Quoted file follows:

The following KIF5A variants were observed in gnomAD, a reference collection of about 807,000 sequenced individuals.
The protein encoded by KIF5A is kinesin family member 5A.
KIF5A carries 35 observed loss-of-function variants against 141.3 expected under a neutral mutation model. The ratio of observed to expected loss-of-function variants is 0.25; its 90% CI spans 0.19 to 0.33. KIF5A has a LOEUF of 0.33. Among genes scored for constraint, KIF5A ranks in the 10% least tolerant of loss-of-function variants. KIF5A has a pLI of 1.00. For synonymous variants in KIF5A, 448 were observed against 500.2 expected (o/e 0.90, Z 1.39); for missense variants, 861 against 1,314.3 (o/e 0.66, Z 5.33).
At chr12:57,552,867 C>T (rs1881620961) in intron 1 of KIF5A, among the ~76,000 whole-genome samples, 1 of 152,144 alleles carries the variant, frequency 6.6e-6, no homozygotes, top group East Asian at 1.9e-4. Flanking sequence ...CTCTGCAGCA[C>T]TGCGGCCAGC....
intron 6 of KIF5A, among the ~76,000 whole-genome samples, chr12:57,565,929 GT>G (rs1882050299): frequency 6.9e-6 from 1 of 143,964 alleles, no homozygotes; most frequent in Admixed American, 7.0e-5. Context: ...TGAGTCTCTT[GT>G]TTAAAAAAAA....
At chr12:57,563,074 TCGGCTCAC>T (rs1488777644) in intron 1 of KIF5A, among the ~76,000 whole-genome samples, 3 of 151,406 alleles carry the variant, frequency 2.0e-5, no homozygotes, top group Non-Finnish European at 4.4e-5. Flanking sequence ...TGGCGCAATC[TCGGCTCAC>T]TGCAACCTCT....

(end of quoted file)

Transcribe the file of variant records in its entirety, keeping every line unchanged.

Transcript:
The following KIF5A variants were observed in gnomAD, a reference collection of about 807,000 sequenced individuals.
The protein encoded by KIF5A is kinesin family member 5A.
KIF5A carries 35 observed loss-of-function variants against 141.3 expected under a neutral mutation model. The ratio of observed to expected loss-of-function variants is 0.25; its 90% CI spans 0.19 to 0.33. KIF5A has a LOEUF of 0.33. Among genes scored for constraint, KIF5A ranks in the 10% least tolerant of loss-of-function variants. KIF5A has a pLI of 1.00. For synonymous variants in KIF5A, 448 were observed against 500.2 expected (o/e 0.90, Z 1.39); for missense variants, 861 against 1,314.3 (o/e 0.66, Z 5.33).
At chr12:57,552,867 C>T (rs1881620961) in intron 1 of KIF5A, among the ~76,000 whole-genome samples, 1 of 152,144 alleles carries the variant, frequency 6.6e-6, no homozygotes, top group East Asian at 1.9e-4. Flanking sequence ...CTCTGCAGCA[C>T]TGCGGCCAGC....
intron 6 of KIF5A, among the ~76,000 whole-genome samples, chr12:57,565,929 GT>G (rs1882050299): frequency 6.9e-6 from 1 of 143,964 alleles, no homozygotes; most frequent in Admixed American, 7.0e-5. Context: ...TGAGTCTCTT[GT>G]TTAAAAAAAA....
At chr12:57,563,074 TCGGCTCAC>T (rs1488777644) in intron 1 of KIF5A, among the ~76,000 whole-genome samples, 3 of 151,406 alleles carry the variant, frequency 2.0e-5, no homozygotes, top group Non-Finnish European at 4.4e-5. Flanking sequence ...TGGCGCAATC[TCGGCTCAC>T]TGCAACCTCT....